Comment on CCC net zero advice

Published:02 May 2019

Commenting on the Committee on Climate Change advice on adopting a net zero emissions target in the UK [1], Lord Adair Turner, Chair of the Energy Transitions Commission (ETC) [2] and former chair of the CCC said that ‘zero should mean zero’:

“Since the Climate Change Act was passed in 2008, the science evidencing man-made climate change has become ever clearer - and the costs of tackling the problem have also dropped dramatically. For example, we have seen huge falls in the costs of wind, solar and batteries – 65% for wind, 80% for solar and batteries. This means that it is possible to adopt a net zero target, without a significant increase in the cost”, he said.

“The Energy Transitions Commission, which I chair, has also shown that we can get to net zero in harder to decarbonise sectors such as heavy industry, aviation and shipping by 2050, and that the total impact on living standards would be negligible. And although the transition may appear daunting for some areas, such as home heating, the shift away from town gas in the 60s and 70s, is proof that, handled well, these transitions can be both possible and desirable for homeowners.

“But we must also be clear that zero should mean zero; that is zero within the UK, not zero by buying carbon offsets from other countries. With the right policies the evidence clearly shows that it is possible to really drive decarbonisation in all sectors of the economy.”

Lord Howard of Lympne, former Leader of the ConservativeParty highlighted the UK’s leadership on tackling climate change:

Lord Howard signed the United Nations climate change convention for Britain with John Major at the Earth Summit in Rio de Janeiro.
Lord Howard signed the United Nations climate change convention for Britain with John Major at the Earth Summit in Rio de Janeiro.

“Britain has a history of action on climate change of which it can be proud. From the Rio Earth Summit to the Climate Change Act, we have always been a leader on facing this challenge,” he said.

“Now the science is clear that we must go further, and adopt a net zero emissions target by 2050, if not earlier. We must not shirk from this challenge, nor should we be afraid of it.

“Pragmatic policies introduced by past governments have shown, as in the case with offshore wind, that costs can quickly be driven down and thriving new industries grown. At this time in our nation’s history, we should embrace this opportunity to lead in the low-carbon industries of the future.”

Professor Joanna Haigh, Co-Director of the Grantham Institute at Imperial College, said that the latest climate science illustrated the need to adopt a net zero target:

“Science is clear that stopping climate change means bringing emissions to net zero. And the case for doing that quickly enough to constrain global warming to 1.5ºC was graphically highlighted by last year’s report from the Intergovernmental Panel on Climate Change which showed that every half degree of additional warming has a serious and measurable impact,” she said.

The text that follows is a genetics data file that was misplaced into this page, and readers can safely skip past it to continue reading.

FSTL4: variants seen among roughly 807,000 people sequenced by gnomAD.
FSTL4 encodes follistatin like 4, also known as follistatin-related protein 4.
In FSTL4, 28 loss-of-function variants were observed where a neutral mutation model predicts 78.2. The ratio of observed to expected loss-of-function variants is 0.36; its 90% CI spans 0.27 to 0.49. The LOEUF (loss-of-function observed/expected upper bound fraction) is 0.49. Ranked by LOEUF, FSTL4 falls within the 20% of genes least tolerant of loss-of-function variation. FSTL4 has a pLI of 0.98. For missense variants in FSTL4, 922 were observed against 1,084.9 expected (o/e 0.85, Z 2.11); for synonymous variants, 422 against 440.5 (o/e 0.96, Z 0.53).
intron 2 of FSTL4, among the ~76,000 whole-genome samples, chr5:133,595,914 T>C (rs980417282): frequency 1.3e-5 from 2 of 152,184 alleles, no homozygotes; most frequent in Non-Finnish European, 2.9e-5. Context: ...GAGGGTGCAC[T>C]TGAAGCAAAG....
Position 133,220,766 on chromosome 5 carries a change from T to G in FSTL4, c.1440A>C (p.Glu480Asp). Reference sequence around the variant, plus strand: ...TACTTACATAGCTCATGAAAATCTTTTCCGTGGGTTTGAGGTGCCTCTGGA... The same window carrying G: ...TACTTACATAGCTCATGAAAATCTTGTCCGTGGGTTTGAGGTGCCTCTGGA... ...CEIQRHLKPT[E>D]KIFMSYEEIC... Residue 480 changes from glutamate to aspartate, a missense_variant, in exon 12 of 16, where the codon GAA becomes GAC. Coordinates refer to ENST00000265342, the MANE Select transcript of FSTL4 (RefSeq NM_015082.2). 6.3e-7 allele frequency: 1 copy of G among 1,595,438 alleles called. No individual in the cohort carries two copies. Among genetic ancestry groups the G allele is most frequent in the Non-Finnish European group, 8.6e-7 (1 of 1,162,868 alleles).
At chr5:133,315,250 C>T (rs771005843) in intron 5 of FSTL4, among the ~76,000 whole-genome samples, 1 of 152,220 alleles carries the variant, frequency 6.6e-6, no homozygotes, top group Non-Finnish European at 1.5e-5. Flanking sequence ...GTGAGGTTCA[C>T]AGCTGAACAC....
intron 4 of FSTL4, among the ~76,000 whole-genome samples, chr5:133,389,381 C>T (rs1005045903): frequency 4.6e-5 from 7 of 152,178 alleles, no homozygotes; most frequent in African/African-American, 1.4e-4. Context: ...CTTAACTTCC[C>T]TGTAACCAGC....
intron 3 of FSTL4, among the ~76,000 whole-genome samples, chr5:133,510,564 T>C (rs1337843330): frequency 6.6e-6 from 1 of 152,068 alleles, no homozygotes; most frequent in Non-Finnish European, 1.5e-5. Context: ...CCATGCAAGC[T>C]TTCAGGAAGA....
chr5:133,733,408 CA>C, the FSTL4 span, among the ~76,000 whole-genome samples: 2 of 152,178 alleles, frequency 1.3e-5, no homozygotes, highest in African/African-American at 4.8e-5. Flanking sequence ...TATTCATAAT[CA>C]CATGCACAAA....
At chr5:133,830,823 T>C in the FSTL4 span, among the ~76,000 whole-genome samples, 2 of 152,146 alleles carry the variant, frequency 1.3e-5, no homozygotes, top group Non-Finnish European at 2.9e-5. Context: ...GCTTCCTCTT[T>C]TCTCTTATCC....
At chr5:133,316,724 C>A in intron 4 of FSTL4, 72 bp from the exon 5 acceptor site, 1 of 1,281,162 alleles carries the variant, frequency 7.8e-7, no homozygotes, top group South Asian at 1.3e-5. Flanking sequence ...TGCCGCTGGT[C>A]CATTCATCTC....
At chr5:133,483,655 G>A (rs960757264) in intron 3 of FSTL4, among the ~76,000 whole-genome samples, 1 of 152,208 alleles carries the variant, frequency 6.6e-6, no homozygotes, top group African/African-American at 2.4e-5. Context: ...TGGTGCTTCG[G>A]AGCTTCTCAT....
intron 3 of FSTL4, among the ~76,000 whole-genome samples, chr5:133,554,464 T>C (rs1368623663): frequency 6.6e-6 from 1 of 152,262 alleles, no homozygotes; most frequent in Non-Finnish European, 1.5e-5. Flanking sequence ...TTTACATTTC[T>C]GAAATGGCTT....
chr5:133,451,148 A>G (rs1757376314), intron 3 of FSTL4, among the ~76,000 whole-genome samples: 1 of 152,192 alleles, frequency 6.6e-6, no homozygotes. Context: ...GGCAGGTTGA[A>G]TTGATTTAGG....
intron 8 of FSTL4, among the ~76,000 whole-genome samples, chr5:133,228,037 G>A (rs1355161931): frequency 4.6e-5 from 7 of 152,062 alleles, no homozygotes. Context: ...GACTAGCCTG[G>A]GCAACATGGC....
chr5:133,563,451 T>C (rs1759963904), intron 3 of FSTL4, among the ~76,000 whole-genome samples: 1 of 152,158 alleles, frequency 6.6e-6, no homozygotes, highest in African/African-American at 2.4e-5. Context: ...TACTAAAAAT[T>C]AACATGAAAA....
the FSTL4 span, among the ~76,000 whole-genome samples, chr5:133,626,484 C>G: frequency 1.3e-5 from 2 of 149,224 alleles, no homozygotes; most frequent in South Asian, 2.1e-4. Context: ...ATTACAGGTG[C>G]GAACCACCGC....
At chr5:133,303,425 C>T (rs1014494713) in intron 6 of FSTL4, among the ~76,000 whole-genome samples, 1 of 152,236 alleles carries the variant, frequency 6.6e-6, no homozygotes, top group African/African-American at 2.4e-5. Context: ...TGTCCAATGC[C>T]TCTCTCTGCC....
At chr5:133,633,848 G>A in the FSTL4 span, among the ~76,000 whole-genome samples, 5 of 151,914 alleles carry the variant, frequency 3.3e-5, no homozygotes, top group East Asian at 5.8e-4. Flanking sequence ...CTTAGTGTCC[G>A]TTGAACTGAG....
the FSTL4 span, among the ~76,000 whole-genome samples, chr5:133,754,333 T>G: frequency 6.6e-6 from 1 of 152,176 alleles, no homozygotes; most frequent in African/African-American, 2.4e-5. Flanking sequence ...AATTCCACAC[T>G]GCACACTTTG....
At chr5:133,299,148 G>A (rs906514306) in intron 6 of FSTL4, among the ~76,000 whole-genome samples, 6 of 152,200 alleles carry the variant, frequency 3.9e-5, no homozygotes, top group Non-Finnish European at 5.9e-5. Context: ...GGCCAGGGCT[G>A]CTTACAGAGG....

“The Committee on Climate Change shows how the UK can meet the IPCC ambition. We can cut our emissions to net zero, the costs are manageable, and, in many ways, from lower air pollution to restored natural environments, the world will be a better place to live in when we do so.”

Lord Puttnam, who helped guide the Climate Change Act through the Parliament, said:

“When I helped steer the Climate Change Act through the Parliament over ten years ago, I was privileged to see British politics at its very best,” he said,” he said.

“At a time of seemingly intractable political division, it is worth remembering that then, as now, our politicians are united across the political divide on the issue of climate change, with nearly 200 members of the Commons already calling for a net zero target to be put into law.

“Long may this continue; for, although issues like Brexit will pass, the awesome challenge of addressing climate change will be one that faces us and future generations for decades to come. Setting a net zero target in law is merely the next step on this long road: we should take it, and quickly.”

Richard Black, Director of the Energy and Climate Intelligence Unit (ECIU) [3] said that a net zero transition had broad support:

“This is a seminally important report from the Committee, confirming that the UK can become the first major economy in the world to deliver on the Paris Agreement and can do so painlessly,” he said.

“Getting to net zero means making changes across the economy but importantly, nothing looks particularly disruptive. The Committee is talking about accelerating the ongoing move to clean energy and transport, continuing the modest changes we’re seeing in meat-eating and restoring forests and peatlands – and an overall economic impact that could end up being nil once hidden benefits such as cleaner air are taken into account.

“Equally important is that, while the Committee has been deliberating, the voices of businesses, MPs, farmers and the public have been supportive of a net zero transition. So now the ball is at the feet of ministers – and the Committee suggests there’s everything to gain from acting swiftly and decisively.”

ECIU has produced a series of briefings of the net zero transition, available here.